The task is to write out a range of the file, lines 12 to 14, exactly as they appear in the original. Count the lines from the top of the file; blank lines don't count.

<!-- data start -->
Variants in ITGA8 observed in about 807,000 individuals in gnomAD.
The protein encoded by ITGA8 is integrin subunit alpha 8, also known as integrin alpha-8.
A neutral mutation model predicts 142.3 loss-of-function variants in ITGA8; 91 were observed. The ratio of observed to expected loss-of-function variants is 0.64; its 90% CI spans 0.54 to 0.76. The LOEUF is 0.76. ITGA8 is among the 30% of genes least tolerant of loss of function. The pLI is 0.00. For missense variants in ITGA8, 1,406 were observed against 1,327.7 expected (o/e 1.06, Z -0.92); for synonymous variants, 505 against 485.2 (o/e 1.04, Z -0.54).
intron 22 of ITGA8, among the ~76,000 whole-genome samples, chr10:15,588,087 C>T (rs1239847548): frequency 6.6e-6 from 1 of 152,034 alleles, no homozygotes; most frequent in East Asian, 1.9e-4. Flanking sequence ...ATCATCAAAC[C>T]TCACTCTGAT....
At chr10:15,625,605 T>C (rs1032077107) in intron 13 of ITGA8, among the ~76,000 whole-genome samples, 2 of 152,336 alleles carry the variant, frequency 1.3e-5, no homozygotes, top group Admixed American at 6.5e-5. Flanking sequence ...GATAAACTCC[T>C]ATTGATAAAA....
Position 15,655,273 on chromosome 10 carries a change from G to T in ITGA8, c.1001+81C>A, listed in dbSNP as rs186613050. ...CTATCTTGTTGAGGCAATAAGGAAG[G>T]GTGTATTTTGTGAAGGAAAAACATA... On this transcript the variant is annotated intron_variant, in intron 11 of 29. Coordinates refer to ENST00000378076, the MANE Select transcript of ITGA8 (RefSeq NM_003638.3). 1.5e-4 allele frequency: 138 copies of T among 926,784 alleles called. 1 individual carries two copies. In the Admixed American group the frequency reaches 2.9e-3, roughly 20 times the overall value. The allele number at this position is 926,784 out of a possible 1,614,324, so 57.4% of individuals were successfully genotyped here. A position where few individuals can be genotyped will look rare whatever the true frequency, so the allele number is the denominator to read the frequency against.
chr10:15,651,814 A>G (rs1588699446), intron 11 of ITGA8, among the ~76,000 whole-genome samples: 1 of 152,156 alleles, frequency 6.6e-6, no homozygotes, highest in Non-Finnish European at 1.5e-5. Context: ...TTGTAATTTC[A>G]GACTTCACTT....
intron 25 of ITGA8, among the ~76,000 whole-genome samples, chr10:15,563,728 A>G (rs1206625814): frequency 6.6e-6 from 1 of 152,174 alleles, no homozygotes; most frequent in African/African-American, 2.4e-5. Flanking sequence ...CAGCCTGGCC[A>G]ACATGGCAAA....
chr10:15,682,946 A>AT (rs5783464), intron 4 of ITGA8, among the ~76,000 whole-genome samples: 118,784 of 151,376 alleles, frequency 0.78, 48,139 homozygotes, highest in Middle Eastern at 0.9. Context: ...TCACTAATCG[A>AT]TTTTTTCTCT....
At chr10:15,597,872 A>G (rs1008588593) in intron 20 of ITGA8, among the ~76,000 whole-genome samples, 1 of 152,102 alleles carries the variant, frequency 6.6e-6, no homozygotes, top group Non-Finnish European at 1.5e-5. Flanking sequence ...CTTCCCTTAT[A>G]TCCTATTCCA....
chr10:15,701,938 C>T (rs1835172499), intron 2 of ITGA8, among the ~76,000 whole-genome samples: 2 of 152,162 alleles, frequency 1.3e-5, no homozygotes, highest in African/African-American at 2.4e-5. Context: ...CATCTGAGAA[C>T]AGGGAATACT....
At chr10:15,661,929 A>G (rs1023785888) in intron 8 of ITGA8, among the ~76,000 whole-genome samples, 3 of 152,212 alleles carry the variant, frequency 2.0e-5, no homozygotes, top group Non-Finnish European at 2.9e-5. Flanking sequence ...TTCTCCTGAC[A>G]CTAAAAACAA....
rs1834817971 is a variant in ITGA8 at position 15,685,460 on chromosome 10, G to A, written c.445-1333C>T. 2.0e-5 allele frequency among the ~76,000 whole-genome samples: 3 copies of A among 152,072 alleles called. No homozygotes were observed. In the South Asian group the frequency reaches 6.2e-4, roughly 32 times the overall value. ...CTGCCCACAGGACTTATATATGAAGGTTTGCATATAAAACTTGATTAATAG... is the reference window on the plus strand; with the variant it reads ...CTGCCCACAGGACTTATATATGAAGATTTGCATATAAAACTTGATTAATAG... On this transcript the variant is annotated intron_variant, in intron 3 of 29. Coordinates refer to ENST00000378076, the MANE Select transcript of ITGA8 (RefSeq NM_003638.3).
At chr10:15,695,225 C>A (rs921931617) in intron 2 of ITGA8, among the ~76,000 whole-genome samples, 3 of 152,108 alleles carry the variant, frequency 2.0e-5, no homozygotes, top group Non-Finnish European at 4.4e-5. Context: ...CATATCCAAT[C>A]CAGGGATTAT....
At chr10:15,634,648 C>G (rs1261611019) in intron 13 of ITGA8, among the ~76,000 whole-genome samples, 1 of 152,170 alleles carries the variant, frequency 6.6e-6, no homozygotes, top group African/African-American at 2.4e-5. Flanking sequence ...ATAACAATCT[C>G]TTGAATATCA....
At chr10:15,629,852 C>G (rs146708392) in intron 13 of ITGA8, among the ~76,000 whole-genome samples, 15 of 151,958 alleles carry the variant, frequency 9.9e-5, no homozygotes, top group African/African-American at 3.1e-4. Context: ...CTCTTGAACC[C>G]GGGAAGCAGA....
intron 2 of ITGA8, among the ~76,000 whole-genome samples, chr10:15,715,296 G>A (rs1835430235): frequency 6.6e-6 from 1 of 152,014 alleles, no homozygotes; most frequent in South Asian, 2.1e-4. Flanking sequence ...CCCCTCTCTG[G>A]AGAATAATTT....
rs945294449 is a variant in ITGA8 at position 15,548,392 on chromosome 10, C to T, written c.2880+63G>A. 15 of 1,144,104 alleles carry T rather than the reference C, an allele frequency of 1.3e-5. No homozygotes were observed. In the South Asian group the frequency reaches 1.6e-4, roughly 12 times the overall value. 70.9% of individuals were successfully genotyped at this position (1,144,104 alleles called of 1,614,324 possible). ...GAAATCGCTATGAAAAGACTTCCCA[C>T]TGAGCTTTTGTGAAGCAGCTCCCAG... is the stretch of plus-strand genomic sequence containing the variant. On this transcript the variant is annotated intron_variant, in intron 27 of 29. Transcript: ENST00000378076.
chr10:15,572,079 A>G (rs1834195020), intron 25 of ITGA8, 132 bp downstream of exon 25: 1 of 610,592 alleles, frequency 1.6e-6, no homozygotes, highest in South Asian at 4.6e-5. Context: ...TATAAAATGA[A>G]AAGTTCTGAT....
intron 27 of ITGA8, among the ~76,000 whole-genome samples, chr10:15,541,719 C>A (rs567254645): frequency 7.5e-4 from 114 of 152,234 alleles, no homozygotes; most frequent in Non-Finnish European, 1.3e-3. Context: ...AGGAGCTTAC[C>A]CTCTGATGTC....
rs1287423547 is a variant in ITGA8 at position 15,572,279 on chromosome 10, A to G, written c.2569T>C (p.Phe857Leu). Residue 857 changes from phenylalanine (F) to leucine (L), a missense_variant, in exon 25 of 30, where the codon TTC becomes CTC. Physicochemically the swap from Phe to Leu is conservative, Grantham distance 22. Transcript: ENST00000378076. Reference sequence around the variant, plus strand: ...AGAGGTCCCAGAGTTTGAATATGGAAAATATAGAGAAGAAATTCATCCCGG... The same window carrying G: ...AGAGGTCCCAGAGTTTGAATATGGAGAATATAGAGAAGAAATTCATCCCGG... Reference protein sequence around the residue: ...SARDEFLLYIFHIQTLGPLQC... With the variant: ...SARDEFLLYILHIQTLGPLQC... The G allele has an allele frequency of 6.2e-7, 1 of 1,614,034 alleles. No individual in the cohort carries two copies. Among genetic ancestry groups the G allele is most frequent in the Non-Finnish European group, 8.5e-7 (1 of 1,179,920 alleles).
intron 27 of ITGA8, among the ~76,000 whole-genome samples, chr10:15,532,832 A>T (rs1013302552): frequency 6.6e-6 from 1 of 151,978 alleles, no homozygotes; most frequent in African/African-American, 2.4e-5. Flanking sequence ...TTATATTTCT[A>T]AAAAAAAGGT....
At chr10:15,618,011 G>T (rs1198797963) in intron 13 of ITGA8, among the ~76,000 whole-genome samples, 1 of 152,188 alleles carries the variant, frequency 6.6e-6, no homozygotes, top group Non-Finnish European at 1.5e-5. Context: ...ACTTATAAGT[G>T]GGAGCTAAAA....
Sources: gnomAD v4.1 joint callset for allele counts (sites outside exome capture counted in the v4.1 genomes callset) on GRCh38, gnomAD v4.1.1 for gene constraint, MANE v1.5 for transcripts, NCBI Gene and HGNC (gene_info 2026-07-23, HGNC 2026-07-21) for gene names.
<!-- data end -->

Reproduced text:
At chr10:15,661,929 A>G (rs1023785888) in intron 8 of ITGA8, among the ~76,000 whole-genome samples, 3 of 152,212 alleles carry the variant, frequency 2.0e-5, no homozygotes, top group Non-Finnish European at 2.9e-5. Flanking sequence ...TTCTCCTGAC[A>G]CTAAAAACAA....
rs1834817971 is a variant in ITGA8 at position 15,685,460 on chromosome 10, G to A, written c.445-1333C>T. 2.0e-5 allele frequency among the ~76,000 whole-genome samples: 3 copies of A among 152,072 alleles called. No homozygotes were observed. In the South Asian group the frequency reaches 6.2e-4, roughly 32 times the overall value. ...CTGCCCACAGGACTTATATATGAAGGTTTGCATATAAAACTTGATTAATAG... is the reference window on the plus strand; with the variant it reads ...CTGCCCACAGGACTTATATATGAAGATTTGCATATAAAACTTGATTAATAG... On this transcript the variant is annotated intron_variant, in intron 3 of 29. Coordinates refer to ENST00000378076, the MANE Select transcript of ITGA8 (RefSeq NM_003638.3).
At chr10:15,695,225 C>A (rs921931617) in intron 2 of ITGA8, among the ~76,000 whole-genome samples, 3 of 152,108 alleles carry the variant, frequency 2.0e-5, no homozygotes, top group Non-Finnish European at 4.4e-5. Context: ...CATATCCAAT[C>A]CAGGGATTAT....